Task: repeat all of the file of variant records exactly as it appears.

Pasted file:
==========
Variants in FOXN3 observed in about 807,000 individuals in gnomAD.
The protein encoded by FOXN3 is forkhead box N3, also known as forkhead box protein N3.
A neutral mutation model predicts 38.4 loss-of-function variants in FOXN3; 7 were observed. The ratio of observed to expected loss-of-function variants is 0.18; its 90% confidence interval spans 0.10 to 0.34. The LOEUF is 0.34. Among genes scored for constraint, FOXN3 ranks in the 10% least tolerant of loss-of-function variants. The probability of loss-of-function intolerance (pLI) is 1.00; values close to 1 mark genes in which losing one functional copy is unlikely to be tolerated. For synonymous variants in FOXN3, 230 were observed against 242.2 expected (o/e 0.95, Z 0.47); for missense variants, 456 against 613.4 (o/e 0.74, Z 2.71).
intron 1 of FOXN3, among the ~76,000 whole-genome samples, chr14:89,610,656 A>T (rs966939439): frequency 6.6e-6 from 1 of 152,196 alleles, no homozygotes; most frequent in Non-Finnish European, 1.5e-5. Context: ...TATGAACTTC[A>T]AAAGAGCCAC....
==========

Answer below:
Variants in FOXN3 observed in about 807,000 individuals in gnomAD.
The protein encoded by FOXN3 is forkhead box N3, also known as forkhead box protein N3.
A neutral mutation model predicts 38.4 loss-of-function variants in FOXN3; 7 were observed. The ratio of observed to expected loss-of-function variants is 0.18; its 90% confidence interval spans 0.10 to 0.34. The LOEUF is 0.34. Among genes scored for constraint, FOXN3 ranks in the 10% least tolerant of loss-of-function variants. The probability of loss-of-function intolerance (pLI) is 1.00; values close to 1 mark genes in which losing one functional copy is unlikely to be tolerated. For synonymous variants in FOXN3, 230 were observed against 242.2 expected (o/e 0.95, Z 0.47); for missense variants, 456 against 613.4 (o/e 0.74, Z 2.71).
intron 1 of FOXN3, among the ~76,000 whole-genome samples, chr14:89,610,656 A>T (rs966939439): frequency 6.6e-6 from 1 of 152,196 alleles, no homozygotes; most frequent in Non-Finnish European, 1.5e-5. Context: ...TATGAACTTC[A>T]AAAGAGCCAC....